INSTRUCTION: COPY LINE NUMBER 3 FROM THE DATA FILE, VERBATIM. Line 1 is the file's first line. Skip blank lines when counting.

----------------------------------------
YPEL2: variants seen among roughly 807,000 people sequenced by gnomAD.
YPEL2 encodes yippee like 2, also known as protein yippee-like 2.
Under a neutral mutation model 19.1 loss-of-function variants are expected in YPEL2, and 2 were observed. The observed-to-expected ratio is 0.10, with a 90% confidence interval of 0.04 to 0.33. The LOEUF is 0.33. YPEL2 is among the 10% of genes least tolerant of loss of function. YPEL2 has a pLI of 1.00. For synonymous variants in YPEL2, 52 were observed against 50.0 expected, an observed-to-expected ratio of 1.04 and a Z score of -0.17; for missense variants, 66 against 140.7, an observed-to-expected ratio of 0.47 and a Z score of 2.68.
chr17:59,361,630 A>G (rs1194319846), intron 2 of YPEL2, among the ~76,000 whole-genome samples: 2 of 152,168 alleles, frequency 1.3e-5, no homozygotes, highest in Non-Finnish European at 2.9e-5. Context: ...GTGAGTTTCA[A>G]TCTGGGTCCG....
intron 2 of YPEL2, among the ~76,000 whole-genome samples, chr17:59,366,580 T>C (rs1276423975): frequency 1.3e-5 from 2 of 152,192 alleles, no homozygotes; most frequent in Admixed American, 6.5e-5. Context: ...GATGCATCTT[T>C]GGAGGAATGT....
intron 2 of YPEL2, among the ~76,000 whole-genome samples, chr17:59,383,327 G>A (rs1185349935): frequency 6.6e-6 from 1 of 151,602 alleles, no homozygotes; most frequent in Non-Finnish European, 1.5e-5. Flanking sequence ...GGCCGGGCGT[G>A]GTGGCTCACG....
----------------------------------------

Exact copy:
Under a neutral mutation model 19.1 loss-of-function variants are expected in YPEL2, and 2 were observed. The observed-to-expected ratio is 0.10, with a 90% confidence interval of 0.04 to 0.33. The LOEUF is 0.33. YPEL2 is among the 10% of genes least tolerant of loss of function. YPEL2 has a pLI of 1.00. For synonymous variants in YPEL2, 52 were observed against 50.0 expected, an observed-to-expected ratio of 1.04 and a Z score of -0.17; for missense variants, 66 against 140.7, an observed-to-expected ratio of 0.47 and a Z score of 2.68.